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The Pastor and Sermon Preparation – Part 2

9 minutes to read

In the first part of this series of articles, we spent time looking at Paul’s exhortation to Timothy in 2 Timothy 2:14-15 which showed the seriousness and need for hard work in sermon preparation. In this article we will look at 2 Timothy 4:1-2 and 1 Timothy 4:13-15 and further understand the great responsibility that God has given to pastors to preach the Bible with diligence.

1. A Pastor Is A Herald Of The King Of Kings And Preaching The Message Faithfully Is Hard Work

“I charge you in the presence of God and of Christ Jesus, who is to judge the living and the dead, and by his appearing and his kingdom: preach the word; be ready in season and out of season; reprove, rebuke, and exhort, with complete patience and teaching.” (2 Tim. 4:1-2)

Paul knew that he was nearing the end of his life and ministry, so he wanted to pass the baton to his dear spiritual son, Timothy. You tend to say significant things when you are nearing the end! Before Paul gave Timothy specific instructions concerning the way forward, he painted a very dark picture of how terrible the times will be in the last days. Paul gives his own life as an example of a genuine man of God who lived through various trials to Timothy. But that is not enough, Paul gives Timothy one of the most profound statements about the nature of Holy Scriptures and its great profitability and sufficiency for Christian ministry in 2 Timothy 3:14-16.

Our sermons should be preached with a realization that we are living in the last days. Our preaching has to be unashamedly Bible-saturated.

Paul wants Timothy to be convinced about the Scriptures. He heralds them because they are God-breathed and life-transforming. The word preach has the idea of being commissioned and sent by the king to faithfully announce and proclaim his message. It has the idea of proclamation that is bold and loud. Can you imagine if a herald in king Akbar’s or king Shivaji’s kingdom returned to the palace and reported about how he improved the king’s message along the way or he cut out certain parts because they were not easy to convey? Do you think he would bring a great smile on the king’s face? That perhaps would be the last meeting with the king. 

Even before we look at the command in 2 Timothy 4:2, one must be gripped by the context of the command. The Apostle is making a charge and not just a charge, but a “solemn” charge. Paul points towards God the Father and Jesus the Messiah before whom this charge is being made. Jesus the Messiah is the King of kings and all judgement has been given to Him. In other words, Paul is saying this is the most serious and sobering command he will leave with Timothy. Whatever happens in society and culture, pastors today are to preach and herald the message of God from all 66 books of the Bible. In other words, our sermons should be preached with a realization that we are living in the last days. Our preaching has to be unashamedly Bible-saturated. At the end of a sermon, people should understand the King’s authoritative message. They should go home having understood the very mind of God in that passage. Yet our preaching must not simply be a running commentary, but also a call for people to respond based upon the message delivered. There should be no hesitation or apologies when the message of the Bible is counter-cultural and inconvenient.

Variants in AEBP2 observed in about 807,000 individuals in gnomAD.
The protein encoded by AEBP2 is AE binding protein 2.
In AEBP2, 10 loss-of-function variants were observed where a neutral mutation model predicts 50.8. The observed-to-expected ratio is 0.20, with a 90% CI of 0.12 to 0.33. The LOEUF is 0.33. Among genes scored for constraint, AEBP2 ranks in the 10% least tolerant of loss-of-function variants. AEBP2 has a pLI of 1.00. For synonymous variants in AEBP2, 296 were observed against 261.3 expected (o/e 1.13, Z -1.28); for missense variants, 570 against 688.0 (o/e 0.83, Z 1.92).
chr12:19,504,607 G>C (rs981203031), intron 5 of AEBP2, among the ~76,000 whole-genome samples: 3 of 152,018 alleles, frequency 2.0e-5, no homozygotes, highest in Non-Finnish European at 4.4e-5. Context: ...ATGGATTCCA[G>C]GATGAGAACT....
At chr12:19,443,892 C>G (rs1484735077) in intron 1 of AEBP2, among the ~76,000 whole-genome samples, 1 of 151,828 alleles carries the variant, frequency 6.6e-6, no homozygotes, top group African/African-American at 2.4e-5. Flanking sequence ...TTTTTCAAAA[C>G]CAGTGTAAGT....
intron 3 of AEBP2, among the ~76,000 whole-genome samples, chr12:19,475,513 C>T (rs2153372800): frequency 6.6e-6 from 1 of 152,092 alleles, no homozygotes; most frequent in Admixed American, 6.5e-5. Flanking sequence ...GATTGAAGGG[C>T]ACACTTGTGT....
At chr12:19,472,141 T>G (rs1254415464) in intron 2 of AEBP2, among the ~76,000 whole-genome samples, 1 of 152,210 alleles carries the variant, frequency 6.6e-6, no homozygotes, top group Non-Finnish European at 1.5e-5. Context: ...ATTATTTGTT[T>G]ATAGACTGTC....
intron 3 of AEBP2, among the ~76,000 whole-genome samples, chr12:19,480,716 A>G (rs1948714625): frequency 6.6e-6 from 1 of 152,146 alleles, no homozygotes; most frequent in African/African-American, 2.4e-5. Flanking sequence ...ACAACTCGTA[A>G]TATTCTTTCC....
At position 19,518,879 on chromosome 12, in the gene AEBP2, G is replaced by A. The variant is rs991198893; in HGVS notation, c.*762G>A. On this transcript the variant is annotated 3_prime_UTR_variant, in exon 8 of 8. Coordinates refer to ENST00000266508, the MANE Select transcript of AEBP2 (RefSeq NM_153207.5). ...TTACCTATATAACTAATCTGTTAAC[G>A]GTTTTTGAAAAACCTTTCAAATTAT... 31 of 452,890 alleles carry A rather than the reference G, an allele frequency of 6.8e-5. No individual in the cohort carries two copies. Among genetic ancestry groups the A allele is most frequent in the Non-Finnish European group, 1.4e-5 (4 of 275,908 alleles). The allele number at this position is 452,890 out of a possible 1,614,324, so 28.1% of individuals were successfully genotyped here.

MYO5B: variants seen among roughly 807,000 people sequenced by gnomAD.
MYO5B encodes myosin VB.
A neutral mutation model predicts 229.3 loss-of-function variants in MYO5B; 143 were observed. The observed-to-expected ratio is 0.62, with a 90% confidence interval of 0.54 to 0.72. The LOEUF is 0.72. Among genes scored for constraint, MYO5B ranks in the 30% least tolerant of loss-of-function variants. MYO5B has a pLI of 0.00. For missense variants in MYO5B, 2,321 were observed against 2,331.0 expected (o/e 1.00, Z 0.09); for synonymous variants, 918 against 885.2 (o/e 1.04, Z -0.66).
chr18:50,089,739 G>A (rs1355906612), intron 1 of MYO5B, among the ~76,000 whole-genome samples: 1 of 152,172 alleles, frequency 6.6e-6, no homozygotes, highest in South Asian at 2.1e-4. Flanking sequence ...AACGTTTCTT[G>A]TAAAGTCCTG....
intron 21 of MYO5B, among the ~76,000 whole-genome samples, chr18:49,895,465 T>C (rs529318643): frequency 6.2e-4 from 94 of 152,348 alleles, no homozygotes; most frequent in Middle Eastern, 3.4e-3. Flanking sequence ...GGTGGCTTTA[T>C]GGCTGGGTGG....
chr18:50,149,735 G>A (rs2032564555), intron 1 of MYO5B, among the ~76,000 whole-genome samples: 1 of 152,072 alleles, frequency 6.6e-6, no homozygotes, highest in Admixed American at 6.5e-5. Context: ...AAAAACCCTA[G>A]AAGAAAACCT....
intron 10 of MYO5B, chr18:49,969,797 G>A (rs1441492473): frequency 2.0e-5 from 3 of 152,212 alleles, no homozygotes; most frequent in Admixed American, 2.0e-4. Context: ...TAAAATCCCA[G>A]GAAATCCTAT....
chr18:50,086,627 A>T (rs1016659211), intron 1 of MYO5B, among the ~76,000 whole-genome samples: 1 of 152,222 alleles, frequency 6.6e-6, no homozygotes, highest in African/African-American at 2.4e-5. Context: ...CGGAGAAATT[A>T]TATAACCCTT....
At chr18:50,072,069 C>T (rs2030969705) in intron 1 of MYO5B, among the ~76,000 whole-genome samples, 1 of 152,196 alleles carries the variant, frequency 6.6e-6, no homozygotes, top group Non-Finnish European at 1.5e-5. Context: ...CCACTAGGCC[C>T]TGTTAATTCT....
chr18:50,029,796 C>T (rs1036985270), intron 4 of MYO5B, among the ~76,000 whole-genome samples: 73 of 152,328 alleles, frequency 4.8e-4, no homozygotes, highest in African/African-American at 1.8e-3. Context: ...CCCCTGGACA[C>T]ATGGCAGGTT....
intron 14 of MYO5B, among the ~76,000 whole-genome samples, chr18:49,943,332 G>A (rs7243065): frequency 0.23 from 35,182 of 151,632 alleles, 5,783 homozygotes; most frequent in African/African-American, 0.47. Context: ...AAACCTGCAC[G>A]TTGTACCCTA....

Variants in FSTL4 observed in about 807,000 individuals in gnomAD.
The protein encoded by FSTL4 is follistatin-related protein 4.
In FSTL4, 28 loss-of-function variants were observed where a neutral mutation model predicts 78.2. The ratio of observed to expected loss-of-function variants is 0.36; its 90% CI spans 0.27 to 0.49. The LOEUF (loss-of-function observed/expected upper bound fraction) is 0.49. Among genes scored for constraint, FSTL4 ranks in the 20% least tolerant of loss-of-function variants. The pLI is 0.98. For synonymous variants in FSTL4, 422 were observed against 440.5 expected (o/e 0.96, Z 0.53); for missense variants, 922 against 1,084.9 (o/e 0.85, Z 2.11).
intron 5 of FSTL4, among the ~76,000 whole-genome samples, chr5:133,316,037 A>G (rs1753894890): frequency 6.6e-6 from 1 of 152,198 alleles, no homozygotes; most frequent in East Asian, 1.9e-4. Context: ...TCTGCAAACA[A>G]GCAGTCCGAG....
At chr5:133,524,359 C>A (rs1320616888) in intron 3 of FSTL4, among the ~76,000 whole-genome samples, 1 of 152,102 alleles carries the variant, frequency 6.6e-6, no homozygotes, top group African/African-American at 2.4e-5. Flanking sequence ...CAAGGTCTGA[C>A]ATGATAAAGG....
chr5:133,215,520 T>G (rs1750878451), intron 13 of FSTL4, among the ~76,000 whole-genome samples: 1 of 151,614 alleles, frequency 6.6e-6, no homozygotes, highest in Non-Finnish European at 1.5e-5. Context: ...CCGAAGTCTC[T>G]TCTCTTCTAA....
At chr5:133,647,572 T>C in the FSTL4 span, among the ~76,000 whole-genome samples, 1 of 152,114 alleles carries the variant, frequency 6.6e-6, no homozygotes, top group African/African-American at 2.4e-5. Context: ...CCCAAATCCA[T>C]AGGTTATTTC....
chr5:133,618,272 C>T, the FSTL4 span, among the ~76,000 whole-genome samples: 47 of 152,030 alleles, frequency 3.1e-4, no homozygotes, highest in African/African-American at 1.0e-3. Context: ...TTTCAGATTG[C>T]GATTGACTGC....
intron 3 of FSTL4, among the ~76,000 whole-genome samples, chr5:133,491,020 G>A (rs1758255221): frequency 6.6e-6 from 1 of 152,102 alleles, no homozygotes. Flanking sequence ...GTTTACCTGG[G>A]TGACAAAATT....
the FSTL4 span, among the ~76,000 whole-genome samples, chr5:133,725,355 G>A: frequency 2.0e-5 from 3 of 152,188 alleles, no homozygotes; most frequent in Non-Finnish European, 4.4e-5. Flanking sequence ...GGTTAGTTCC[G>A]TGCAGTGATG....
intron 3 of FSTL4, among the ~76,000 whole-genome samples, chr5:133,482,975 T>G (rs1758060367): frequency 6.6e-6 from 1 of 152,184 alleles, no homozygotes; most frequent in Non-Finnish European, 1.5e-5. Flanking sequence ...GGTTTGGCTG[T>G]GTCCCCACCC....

The wonderful revelation in our hands is heavenly, yet propositional. God has descended to our level and revealed to us what we need in our human language. Human language is based upon grammatical rules. Hence the pastor must consider the context, the genre of writing before him, the prepositions, the verbs and how the passage is arranged grammatically.  More amazingly, God’s speaking to us is Christcentric. The Spirit of Christ was in the prophets revealing to them the unfolding redemptive story of the Bible (1 Pet.1:10-12). So, we cannot simply pull out passages from their place in the redemptive storyline and make them into what we want them to be.

There should be no hesitation or apologies when the message of the Bible is counter-cultural and inconvenient.

As an example, many have preached from the book of Nehemiah and used it to teach about team leading and team building. Now by way of application, we certainly can learn from the leadership of Nehemiah and the way the people worked together as one. But ultimately how was God fulfilling His promises in the book of Nehemiah and to what end was the wall being built? Nehemiah experienced some success, but towards the end of the book, he seems to have such disappointment. God is showing us through the book that Israel reached various spiritual high points in their history. However, redemption and the kingdom was not going to come through a fallen child of Adam, but through the Messiah. Again, to share a few thoughts or devotional points is one thing, but to truly preach the Bible faithfully in its overall and immediate context requires a lot of discipline and hard work in sermon preparation.